This implies that action will be deferred until the first illegal delivery takes place. But, then again, plenty of illegal deliveries take place all around the City and the Council does nothing.

    In practical terms, it is quite obvious that Tesco will not be able to deliver via the back streets. I could give many examples of oversize vehicles becoming stuck in the one way system and/or damaging parked cars.

    Only yesterday my girlfriend witnessed a fight in the street after a lorry knocked the mirror off a car and tried to drive off without stopping. On one occasion a few years ago, one of my neighbours left a removal lorry in the street for several hours, and all vehicles the size of a van or larger could not get through, so had to reverse back around the one-way system.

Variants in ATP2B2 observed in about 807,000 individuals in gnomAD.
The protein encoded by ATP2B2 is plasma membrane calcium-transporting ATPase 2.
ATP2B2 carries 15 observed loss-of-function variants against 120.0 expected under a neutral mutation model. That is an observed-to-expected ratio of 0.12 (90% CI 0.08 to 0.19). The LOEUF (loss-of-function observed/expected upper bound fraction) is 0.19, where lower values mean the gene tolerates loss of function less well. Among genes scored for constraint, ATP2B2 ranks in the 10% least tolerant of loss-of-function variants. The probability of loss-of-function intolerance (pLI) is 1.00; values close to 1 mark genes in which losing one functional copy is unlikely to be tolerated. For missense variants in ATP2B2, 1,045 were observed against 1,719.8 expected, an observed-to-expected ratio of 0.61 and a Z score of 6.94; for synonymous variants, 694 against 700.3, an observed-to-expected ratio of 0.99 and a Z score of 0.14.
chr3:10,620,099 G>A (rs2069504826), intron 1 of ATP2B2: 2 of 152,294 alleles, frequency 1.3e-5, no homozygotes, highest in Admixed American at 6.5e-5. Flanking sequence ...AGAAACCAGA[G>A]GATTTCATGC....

The only other point that I would add is that chair Cllr Blencowe conducted the meeting in a dreadful manner. He managed to antagonise the entire crowd of about 100 people by continually interrupting speakers and preventing them making their points.

    At one point he started accusing Ruth Dyermond of the No Mill Road Tesco Campaign of acting without the knowledge of the Group’s members and costing Council tax payers money by threatening to take action against the Council. I felt this was an overly personal (and irrelevant) point to be making, and totally outside his remit as Chair. It is also factually wrong, as it is clear from the Campaign’s website that they are raising money for exactly this purpose. At this point I stood up and made this point, as it was allowed to interrupt with points of order about the conduct of the meeting.

    Finally, let me add that these observations are all my own personal views, and do not represent any local groups with which I am involved.